Prosper Lafaye, originally Lafait was a French painter at the court of King Louis-Philippe I. He also worked as a designer and was a master stained glass artist.
His father, Victor, was a mason. At the age of fourteen, he left his family to live with an uncle in Paris. His initial artistic training came in the workshops of artists who have now been forgotten but, in 1827, he was able to work with Auguste Couder. His first exhibition came four years later, when he presented an equestrian portrait of Napoleon. After that, he worked as assistant to Jean Alaux, restoring various monumental paintings. This led to his participation in restorative work being done at the Château de Versailles.
From 1834 to 1837, he created several battle paintings for the Musée de l'Histoire de France [fr] at Versailles. Then, from 1838 to 1842, he received orders directly from the Royal Family. He also had numerous customers among the French bourgeoisie.
During a trip to Burgundy in 1845, he developed an interest in the creation and restoration of stained glass windows. He trained himself by participating in projects at Notre-Dame-des-Blancs-Manteaux and Saint-Eustache, then undertook restorative work on his own at several churches, including Saint-Étienne-du-Mont, Saint-Nicolas-du-Chardonnet, Saint-Médard [fr] and Saint-Merri.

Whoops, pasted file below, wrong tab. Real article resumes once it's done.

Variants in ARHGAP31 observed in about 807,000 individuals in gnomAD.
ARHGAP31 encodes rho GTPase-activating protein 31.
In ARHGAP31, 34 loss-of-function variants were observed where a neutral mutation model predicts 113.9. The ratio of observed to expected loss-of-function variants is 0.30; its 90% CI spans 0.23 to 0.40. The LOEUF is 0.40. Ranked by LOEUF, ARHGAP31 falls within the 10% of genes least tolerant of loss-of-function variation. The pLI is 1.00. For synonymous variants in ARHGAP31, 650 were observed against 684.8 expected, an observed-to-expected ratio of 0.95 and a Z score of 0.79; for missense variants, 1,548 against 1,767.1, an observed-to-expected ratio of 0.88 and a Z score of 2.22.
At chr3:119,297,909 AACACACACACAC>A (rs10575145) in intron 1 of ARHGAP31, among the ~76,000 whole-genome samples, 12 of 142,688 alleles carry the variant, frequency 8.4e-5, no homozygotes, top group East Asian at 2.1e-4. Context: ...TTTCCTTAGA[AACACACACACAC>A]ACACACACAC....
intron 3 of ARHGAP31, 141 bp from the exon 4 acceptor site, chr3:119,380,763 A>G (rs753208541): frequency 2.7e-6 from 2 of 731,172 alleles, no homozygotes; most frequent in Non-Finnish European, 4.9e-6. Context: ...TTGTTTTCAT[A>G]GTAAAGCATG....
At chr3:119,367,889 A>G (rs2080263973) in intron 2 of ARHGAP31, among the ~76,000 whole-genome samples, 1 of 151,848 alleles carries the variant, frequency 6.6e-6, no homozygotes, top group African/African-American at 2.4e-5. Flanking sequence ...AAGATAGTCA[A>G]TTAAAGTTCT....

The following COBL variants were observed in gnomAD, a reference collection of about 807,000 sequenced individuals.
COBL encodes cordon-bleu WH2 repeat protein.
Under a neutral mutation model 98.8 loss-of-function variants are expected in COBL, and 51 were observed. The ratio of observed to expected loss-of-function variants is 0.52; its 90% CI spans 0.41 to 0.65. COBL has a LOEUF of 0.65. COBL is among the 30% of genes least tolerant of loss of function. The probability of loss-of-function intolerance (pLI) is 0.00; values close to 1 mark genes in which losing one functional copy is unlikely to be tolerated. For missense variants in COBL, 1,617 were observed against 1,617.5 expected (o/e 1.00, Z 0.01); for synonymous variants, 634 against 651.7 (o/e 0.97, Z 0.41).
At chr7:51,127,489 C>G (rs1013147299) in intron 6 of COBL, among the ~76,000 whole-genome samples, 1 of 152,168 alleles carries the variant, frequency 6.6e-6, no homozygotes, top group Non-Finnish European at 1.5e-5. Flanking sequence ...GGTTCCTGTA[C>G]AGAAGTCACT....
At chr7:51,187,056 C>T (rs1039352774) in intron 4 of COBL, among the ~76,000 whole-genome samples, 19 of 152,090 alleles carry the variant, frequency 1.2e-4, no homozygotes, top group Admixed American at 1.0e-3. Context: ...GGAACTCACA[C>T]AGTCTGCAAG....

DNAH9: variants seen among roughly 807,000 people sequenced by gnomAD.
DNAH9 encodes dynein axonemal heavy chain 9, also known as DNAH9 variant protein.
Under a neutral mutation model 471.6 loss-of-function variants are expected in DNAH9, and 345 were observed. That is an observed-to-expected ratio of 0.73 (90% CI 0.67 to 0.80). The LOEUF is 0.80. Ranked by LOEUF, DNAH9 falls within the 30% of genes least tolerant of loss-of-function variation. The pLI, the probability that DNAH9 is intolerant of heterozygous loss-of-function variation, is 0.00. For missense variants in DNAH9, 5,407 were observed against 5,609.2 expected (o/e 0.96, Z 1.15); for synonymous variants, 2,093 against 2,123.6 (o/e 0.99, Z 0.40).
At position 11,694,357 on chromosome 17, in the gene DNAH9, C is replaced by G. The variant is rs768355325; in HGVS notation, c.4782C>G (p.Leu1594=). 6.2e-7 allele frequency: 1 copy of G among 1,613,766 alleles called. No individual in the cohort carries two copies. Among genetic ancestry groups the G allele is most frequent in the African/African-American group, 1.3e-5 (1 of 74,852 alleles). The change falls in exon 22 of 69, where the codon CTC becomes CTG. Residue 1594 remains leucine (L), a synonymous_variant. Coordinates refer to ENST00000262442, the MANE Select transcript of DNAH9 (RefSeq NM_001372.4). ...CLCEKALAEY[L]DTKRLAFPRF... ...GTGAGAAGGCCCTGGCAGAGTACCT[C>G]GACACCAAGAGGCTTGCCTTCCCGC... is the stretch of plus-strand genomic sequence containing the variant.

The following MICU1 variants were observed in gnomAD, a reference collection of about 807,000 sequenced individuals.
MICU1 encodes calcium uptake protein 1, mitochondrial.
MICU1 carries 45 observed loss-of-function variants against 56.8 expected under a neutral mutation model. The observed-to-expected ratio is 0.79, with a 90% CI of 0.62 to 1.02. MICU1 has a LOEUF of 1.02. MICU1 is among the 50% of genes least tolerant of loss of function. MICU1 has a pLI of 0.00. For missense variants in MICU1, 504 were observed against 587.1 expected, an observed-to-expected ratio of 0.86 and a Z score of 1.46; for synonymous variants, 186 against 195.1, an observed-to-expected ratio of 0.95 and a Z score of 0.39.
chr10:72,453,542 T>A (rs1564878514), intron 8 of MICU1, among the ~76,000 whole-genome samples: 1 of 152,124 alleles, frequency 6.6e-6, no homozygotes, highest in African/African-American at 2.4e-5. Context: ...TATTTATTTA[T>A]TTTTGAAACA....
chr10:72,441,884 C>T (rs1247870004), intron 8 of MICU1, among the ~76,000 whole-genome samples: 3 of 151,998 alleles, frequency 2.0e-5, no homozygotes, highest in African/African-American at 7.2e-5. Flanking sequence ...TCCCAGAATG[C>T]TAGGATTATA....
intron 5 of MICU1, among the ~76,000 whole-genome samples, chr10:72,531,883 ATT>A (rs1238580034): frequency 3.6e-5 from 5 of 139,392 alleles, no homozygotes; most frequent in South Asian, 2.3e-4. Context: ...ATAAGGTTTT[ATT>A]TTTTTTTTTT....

In 1851, he had a showing at the Great Exhibition in London. That same year, he hired two assistants, Annette and Sophie Coppée, sisters of the poet François Coppée. The following year he married Sophie. In addition to giving him three girls and a boy, she became an indispensable part of the window production process and may have created some entirely on her own. Eventually, between 1864 and 1866, they would work on windows at the Louvre. This was followed by windows at the parish church in his hometown.
He continued to paint, exhibiting at the Exposition Universelle (1855), the Exposition Universelle (1867) and the Exposition Universelle (1878).
After his death, his studio was closed. His son, Savinien, had died in 1854 and his daughters had not learned the trade from their mother. He and Sophie are buried together in Mont-Saint-Sulpice.